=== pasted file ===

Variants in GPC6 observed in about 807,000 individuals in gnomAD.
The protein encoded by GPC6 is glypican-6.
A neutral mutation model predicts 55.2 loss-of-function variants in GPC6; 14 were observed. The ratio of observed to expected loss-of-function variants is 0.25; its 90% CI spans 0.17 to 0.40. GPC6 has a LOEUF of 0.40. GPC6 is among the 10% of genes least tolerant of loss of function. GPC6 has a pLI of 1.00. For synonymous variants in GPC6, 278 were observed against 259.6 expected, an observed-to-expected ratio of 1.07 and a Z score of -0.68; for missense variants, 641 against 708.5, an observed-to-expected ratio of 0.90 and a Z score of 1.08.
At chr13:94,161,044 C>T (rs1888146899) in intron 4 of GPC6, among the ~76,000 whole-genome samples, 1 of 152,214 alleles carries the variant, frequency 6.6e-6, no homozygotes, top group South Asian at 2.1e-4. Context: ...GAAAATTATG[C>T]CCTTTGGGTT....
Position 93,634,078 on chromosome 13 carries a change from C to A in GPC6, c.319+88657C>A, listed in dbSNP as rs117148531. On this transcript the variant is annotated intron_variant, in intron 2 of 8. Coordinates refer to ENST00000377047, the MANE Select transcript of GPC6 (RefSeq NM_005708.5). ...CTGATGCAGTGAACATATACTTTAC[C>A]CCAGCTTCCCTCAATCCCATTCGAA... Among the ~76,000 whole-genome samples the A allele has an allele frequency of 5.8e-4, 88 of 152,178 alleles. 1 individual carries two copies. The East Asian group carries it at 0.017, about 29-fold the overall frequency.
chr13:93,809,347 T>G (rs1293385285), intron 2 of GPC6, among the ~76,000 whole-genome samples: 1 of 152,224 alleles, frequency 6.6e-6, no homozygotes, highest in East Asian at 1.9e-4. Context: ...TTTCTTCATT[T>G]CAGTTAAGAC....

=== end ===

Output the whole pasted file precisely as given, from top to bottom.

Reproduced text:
Variants in GPC6 observed in about 807,000 individuals in gnomAD.
The protein encoded by GPC6 is glypican-6.
A neutral mutation model predicts 55.2 loss-of-function variants in GPC6; 14 were observed. The ratio of observed to expected loss-of-function variants is 0.25; its 90% CI spans 0.17 to 0.40. GPC6 has a LOEUF of 0.40. GPC6 is among the 10% of genes least tolerant of loss of function. GPC6 has a pLI of 1.00. For synonymous variants in GPC6, 278 were observed against 259.6 expected, an observed-to-expected ratio of 1.07 and a Z score of -0.68; for missense variants, 641 against 708.5, an observed-to-expected ratio of 0.90 and a Z score of 1.08.
At chr13:94,161,044 C>T (rs1888146899) in intron 4 of GPC6, among the ~76,000 whole-genome samples, 1 of 152,214 alleles carries the variant, frequency 6.6e-6, no homozygotes, top group South Asian at 2.1e-4. Context: ...GAAAATTATG[C>T]CCTTTGGGTT....
Position 93,634,078 on chromosome 13 carries a change from C to A in GPC6, c.319+88657C>A, listed in dbSNP as rs117148531. On this transcript the variant is annotated intron_variant, in intron 2 of 8. Coordinates refer to ENST00000377047, the MANE Select transcript of GPC6 (RefSeq NM_005708.5). ...CTGATGCAGTGAACATATACTTTAC[C>A]CCAGCTTCCCTCAATCCCATTCGAA... Among the ~76,000 whole-genome samples the A allele has an allele frequency of 5.8e-4, 88 of 152,178 alleles. 1 individual carries two copies. The East Asian group carries it at 0.017, about 29-fold the overall frequency.
chr13:93,809,347 T>G (rs1293385285), intron 2 of GPC6, among the ~76,000 whole-genome samples: 1 of 152,224 alleles, frequency 6.6e-6, no homozygotes, highest in East Asian at 1.9e-4. Context: ...TTTCTTCATT[T>G]CAGTTAAGAC....